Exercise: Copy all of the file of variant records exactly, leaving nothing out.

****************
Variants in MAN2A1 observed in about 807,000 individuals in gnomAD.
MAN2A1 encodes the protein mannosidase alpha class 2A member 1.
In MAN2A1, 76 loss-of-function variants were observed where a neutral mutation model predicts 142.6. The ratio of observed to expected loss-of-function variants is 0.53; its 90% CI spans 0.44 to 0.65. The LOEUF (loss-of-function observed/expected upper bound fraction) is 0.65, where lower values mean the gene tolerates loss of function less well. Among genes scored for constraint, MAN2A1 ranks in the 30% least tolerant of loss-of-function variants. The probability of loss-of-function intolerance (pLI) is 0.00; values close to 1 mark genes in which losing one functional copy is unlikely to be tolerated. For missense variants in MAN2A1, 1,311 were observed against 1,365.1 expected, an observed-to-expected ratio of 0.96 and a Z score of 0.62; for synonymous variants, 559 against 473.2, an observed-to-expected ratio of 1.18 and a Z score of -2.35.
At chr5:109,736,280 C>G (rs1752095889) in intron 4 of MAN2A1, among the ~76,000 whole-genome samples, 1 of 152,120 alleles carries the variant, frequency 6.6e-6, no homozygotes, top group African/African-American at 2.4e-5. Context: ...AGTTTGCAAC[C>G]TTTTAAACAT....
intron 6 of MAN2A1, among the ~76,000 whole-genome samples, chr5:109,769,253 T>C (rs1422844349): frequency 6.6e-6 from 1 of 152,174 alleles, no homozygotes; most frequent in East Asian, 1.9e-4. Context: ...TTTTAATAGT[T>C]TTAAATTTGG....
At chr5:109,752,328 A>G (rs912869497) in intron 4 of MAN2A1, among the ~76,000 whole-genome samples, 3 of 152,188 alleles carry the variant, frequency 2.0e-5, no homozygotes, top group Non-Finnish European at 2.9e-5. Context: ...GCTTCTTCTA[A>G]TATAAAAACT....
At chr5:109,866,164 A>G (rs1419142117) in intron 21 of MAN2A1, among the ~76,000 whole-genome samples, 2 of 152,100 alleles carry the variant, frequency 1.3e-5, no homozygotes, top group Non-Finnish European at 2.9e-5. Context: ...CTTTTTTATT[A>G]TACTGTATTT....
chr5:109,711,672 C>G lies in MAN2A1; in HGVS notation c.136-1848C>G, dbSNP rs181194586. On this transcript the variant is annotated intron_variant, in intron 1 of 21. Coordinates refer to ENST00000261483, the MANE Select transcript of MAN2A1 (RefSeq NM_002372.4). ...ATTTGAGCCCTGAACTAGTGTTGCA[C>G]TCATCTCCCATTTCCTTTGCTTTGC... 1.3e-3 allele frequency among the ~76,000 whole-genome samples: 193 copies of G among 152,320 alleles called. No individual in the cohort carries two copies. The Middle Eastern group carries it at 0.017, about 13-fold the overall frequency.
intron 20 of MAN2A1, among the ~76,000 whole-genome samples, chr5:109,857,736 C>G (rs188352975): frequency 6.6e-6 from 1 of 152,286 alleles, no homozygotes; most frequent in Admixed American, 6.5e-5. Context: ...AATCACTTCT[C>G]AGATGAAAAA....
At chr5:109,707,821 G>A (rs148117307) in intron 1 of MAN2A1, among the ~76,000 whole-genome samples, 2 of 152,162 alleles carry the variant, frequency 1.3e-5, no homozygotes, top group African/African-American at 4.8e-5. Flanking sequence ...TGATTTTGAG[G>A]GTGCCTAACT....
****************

Variants in MAN2A1 observed in about 807,000 individuals in gnomAD.
MAN2A1 encodes the protein mannosidase alpha class 2A member 1.
In MAN2A1, 76 loss-of-function variants were observed where a neutral mutation model predicts 142.6. The ratio of observed to expected loss-of-function variants is 0.53; its 90% CI spans 0.44 to 0.65. The LOEUF (loss-of-function observed/expected upper bound fraction) is 0.65, where lower values mean the gene tolerates loss of function less well. Among genes scored for constraint, MAN2A1 ranks in the 30% least tolerant of loss-of-function variants. The probability of loss-of-function intolerance (pLI) is 0.00; values close to 1 mark genes in which losing one functional copy is unlikely to be tolerated. For missense variants in MAN2A1, 1,311 were observed against 1,365.1 expected, an observed-to-expected ratio of 0.96 and a Z score of 0.62; for synonymous variants, 559 against 473.2, an observed-to-expected ratio of 1.18 and a Z score of -2.35.
At chr5:109,736,280 C>G (rs1752095889) in intron 4 of MAN2A1, among the ~76,000 whole-genome samples, 1 of 152,120 alleles carries the variant, frequency 6.6e-6, no homozygotes, top group African/African-American at 2.4e-5. Context: ...AGTTTGCAAC[C>G]TTTTAAACAT....
intron 6 of MAN2A1, among the ~76,000 whole-genome samples, chr5:109,769,253 T>C (rs1422844349): frequency 6.6e-6 from 1 of 152,174 alleles, no homozygotes; most frequent in East Asian, 1.9e-4. Context: ...TTTTAATAGT[T>C]TTAAATTTGG....
At chr5:109,752,328 A>G (rs912869497) in intron 4 of MAN2A1, among the ~76,000 whole-genome samples, 3 of 152,188 alleles carry the variant, frequency 2.0e-5, no homozygotes, top group Non-Finnish European at 2.9e-5. Context: ...GCTTCTTCTA[A>G]TATAAAAACT....
At chr5:109,866,164 A>G (rs1419142117) in intron 21 of MAN2A1, among the ~76,000 whole-genome samples, 2 of 152,100 alleles carry the variant, frequency 1.3e-5, no homozygotes, top group Non-Finnish European at 2.9e-5. Context: ...CTTTTTTATT[A>G]TACTGTATTT....
chr5:109,711,672 C>G lies in MAN2A1; in HGVS notation c.136-1848C>G, dbSNP rs181194586. On this transcript the variant is annotated intron_variant, in intron 1 of 21. Coordinates refer to ENST00000261483, the MANE Select transcript of MAN2A1 (RefSeq NM_002372.4). ...ATTTGAGCCCTGAACTAGTGTTGCA[C>G]TCATCTCCCATTTCCTTTGCTTTGC... 1.3e-3 allele frequency among the ~76,000 whole-genome samples: 193 copies of G among 152,320 alleles called. No individual in the cohort carries two copies. The Middle Eastern group carries it at 0.017, about 13-fold the overall frequency.
intron 20 of MAN2A1, among the ~76,000 whole-genome samples, chr5:109,857,736 C>G (rs188352975): frequency 6.6e-6 from 1 of 152,286 alleles, no homozygotes; most frequent in Admixed American, 6.5e-5. Context: ...AATCACTTCT[C>G]AGATGAAAAA....
At chr5:109,707,821 G>A (rs148117307) in intron 1 of MAN2A1, among the ~76,000 whole-genome samples, 2 of 152,162 alleles carry the variant, frequency 1.3e-5, no homozygotes, top group African/African-American at 4.8e-5. Flanking sequence ...TGATTTTGAG[G>A]GTGCCTAACT....